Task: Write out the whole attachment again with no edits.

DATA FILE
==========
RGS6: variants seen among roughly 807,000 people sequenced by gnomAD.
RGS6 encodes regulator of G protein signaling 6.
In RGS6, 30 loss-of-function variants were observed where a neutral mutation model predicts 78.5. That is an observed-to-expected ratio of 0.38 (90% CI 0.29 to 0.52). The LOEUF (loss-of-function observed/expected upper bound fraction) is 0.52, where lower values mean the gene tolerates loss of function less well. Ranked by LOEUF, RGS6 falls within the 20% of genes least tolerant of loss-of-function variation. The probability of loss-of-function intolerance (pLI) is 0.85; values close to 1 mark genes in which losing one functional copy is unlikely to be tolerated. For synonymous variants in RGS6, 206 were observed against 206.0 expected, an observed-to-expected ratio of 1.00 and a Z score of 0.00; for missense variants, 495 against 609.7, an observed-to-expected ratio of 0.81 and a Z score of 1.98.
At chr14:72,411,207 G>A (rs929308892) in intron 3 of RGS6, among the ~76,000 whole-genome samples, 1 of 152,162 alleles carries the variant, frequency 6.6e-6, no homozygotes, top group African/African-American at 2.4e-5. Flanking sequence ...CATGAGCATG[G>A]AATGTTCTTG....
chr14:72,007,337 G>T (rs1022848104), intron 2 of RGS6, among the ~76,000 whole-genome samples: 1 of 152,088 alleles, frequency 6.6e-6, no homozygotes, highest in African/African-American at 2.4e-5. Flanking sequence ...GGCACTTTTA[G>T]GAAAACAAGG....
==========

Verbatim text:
RGS6: variants seen among roughly 807,000 people sequenced by gnomAD.
RGS6 encodes regulator of G protein signaling 6.
In RGS6, 30 loss-of-function variants were observed where a neutral mutation model predicts 78.5. That is an observed-to-expected ratio of 0.38 (90% CI 0.29 to 0.52). The LOEUF (loss-of-function observed/expected upper bound fraction) is 0.52, where lower values mean the gene tolerates loss of function less well. Ranked by LOEUF, RGS6 falls within the 20% of genes least tolerant of loss-of-function variation. The probability of loss-of-function intolerance (pLI) is 0.85; values close to 1 mark genes in which losing one functional copy is unlikely to be tolerated. For synonymous variants in RGS6, 206 were observed against 206.0 expected, an observed-to-expected ratio of 1.00 and a Z score of 0.00; for missense variants, 495 against 609.7, an observed-to-expected ratio of 0.81 and a Z score of 1.98.
At chr14:72,411,207 G>A (rs929308892) in intron 3 of RGS6, among the ~76,000 whole-genome samples, 1 of 152,162 alleles carries the variant, frequency 6.6e-6, no homozygotes, top group African/African-American at 2.4e-5. Flanking sequence ...CATGAGCATG[G>A]AATGTTCTTG....
chr14:72,007,337 G>T (rs1022848104), intron 2 of RGS6, among the ~76,000 whole-genome samples: 1 of 152,088 alleles, frequency 6.6e-6, no homozygotes, highest in African/African-American at 2.4e-5. Flanking sequence ...GGCACTTTTA[G>T]GAAAACAAGG....